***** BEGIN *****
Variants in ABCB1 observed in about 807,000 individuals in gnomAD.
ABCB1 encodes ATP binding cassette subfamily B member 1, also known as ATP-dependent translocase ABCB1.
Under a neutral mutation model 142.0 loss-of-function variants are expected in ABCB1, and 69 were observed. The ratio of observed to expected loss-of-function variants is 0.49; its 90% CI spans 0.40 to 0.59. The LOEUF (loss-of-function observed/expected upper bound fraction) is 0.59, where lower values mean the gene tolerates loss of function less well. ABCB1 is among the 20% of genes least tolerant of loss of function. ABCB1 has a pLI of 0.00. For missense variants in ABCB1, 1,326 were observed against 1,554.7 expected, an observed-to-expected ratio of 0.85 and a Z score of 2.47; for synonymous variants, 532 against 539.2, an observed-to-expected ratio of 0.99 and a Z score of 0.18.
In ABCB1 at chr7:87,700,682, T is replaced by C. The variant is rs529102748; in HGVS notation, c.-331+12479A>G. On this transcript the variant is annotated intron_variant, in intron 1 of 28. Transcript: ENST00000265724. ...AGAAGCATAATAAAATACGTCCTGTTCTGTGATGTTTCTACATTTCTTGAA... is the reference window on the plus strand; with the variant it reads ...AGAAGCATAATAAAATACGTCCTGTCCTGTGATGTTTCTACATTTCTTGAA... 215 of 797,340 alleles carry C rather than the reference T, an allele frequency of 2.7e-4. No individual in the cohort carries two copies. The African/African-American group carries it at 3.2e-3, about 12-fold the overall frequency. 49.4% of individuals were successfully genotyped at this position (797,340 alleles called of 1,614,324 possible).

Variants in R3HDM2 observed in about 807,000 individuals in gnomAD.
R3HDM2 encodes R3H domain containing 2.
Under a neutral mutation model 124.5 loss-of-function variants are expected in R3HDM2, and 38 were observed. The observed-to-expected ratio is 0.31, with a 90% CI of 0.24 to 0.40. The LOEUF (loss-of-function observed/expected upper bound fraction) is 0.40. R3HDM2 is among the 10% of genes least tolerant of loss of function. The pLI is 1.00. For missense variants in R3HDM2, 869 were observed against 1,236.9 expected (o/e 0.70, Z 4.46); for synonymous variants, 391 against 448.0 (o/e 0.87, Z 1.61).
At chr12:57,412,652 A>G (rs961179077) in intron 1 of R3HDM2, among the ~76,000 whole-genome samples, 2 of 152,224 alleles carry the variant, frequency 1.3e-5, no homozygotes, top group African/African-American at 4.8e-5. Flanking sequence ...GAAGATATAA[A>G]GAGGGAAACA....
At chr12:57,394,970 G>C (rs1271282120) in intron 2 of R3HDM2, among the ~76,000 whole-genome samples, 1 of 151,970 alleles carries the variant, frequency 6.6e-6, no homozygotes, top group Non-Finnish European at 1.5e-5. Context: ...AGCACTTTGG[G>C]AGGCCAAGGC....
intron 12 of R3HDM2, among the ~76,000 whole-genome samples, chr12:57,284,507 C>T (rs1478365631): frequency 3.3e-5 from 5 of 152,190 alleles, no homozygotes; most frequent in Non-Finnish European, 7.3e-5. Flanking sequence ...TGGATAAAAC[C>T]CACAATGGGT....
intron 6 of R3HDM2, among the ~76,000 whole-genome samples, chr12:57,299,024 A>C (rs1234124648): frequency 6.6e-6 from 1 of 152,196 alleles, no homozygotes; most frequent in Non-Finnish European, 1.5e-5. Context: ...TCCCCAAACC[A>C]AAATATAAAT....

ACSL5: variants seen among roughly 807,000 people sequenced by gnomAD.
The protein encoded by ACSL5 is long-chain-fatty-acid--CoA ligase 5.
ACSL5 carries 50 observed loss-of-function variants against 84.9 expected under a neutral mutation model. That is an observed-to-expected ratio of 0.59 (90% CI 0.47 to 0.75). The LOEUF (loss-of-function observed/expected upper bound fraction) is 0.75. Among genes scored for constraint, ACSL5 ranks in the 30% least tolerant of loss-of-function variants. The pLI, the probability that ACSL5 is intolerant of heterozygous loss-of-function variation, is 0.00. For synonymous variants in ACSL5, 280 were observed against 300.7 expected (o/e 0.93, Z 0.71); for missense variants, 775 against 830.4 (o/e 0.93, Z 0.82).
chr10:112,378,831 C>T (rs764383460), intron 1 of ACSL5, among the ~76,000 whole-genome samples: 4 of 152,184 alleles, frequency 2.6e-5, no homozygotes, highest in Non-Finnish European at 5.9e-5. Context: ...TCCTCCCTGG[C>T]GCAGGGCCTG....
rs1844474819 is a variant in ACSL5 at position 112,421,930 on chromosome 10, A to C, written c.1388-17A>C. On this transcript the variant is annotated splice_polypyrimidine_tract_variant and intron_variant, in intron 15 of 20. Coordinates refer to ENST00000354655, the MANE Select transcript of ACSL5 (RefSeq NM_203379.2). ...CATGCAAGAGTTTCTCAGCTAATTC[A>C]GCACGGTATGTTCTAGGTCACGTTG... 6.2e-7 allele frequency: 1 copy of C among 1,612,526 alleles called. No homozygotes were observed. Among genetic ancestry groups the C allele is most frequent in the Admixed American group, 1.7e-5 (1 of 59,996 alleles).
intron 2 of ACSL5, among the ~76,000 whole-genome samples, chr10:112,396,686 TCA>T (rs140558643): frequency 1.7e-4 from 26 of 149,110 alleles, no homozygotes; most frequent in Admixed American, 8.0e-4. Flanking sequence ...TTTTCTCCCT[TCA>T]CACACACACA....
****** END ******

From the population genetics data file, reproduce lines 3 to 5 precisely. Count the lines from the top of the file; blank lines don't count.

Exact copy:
Under a neutral mutation model 142.0 loss-of-function variants are expected in ABCB1, and 69 were observed. The ratio of observed to expected loss-of-function variants is 0.49; its 90% CI spans 0.40 to 0.59. The LOEUF (loss-of-function observed/expected upper bound fraction) is 0.59, where lower values mean the gene tolerates loss of function less well. ABCB1 is among the 20% of genes least tolerant of loss of function. ABCB1 has a pLI of 0.00. For missense variants in ABCB1, 1,326 were observed against 1,554.7 expected, an observed-to-expected ratio of 0.85 and a Z score of 2.47; for synonymous variants, 532 against 539.2, an observed-to-expected ratio of 0.99 and a Z score of 0.18.
In ABCB1 at chr7:87,700,682, T is replaced by C. The variant is rs529102748; in HGVS notation, c.-331+12479A>G. On this transcript the variant is annotated intron_variant, in intron 1 of 28. Transcript: ENST00000265724. ...AGAAGCATAATAAAATACGTCCTGTTCTGTGATGTTTCTACATTTCTTGAA... is the reference window on the plus strand; with the variant it reads ...AGAAGCATAATAAAATACGTCCTGTCCTGTGATGTTTCTACATTTCTTGAA... 215 of 797,340 alleles carry C rather than the reference T, an allele frequency of 2.7e-4. No individual in the cohort carries two copies. The African/African-American group carries it at 3.2e-3, about 12-fold the overall frequency. 49.4% of individuals were successfully genotyped at this position (797,340 alleles called of 1,614,324 possible).

Variants in R3HDM2 observed in about 807,000 individuals in gnomAD.